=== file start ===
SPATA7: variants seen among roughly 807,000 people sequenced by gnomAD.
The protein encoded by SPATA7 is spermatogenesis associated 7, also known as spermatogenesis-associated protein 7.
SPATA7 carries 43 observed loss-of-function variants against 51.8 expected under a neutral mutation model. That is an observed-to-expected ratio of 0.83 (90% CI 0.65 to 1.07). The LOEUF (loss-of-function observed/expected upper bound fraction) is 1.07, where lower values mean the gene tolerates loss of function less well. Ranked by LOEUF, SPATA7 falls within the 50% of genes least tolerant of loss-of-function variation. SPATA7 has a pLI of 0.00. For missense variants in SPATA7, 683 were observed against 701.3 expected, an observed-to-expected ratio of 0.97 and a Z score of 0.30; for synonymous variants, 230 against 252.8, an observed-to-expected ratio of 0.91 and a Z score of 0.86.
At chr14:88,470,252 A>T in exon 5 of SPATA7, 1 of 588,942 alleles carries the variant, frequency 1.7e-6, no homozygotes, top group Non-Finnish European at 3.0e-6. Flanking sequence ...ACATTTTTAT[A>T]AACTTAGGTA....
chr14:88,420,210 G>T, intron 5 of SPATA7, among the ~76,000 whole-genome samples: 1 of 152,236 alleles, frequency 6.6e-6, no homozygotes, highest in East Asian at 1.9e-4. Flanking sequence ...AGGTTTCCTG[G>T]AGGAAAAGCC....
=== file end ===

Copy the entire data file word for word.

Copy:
SPATA7: variants seen among roughly 807,000 people sequenced by gnomAD.
The protein encoded by SPATA7 is spermatogenesis associated 7, also known as spermatogenesis-associated protein 7.
SPATA7 carries 43 observed loss-of-function variants against 51.8 expected under a neutral mutation model. That is an observed-to-expected ratio of 0.83 (90% CI 0.65 to 1.07). The LOEUF (loss-of-function observed/expected upper bound fraction) is 1.07, where lower values mean the gene tolerates loss of function less well. Ranked by LOEUF, SPATA7 falls within the 50% of genes least tolerant of loss-of-function variation. SPATA7 has a pLI of 0.00. For missense variants in SPATA7, 683 were observed against 701.3 expected, an observed-to-expected ratio of 0.97 and a Z score of 0.30; for synonymous variants, 230 against 252.8, an observed-to-expected ratio of 0.91 and a Z score of 0.86.
At chr14:88,470,252 A>T in exon 5 of SPATA7, 1 of 588,942 alleles carries the variant, frequency 1.7e-6, no homozygotes, top group Non-Finnish European at 3.0e-6. Flanking sequence ...ACATTTTTAT[A>T]AACTTAGGTA....
chr14:88,420,210 G>T, intron 5 of SPATA7, among the ~76,000 whole-genome samples: 1 of 152,236 alleles, frequency 6.6e-6, no homozygotes, highest in East Asian at 1.9e-4. Flanking sequence ...AGGTTTCCTG[G>T]AGGAAAAGCC....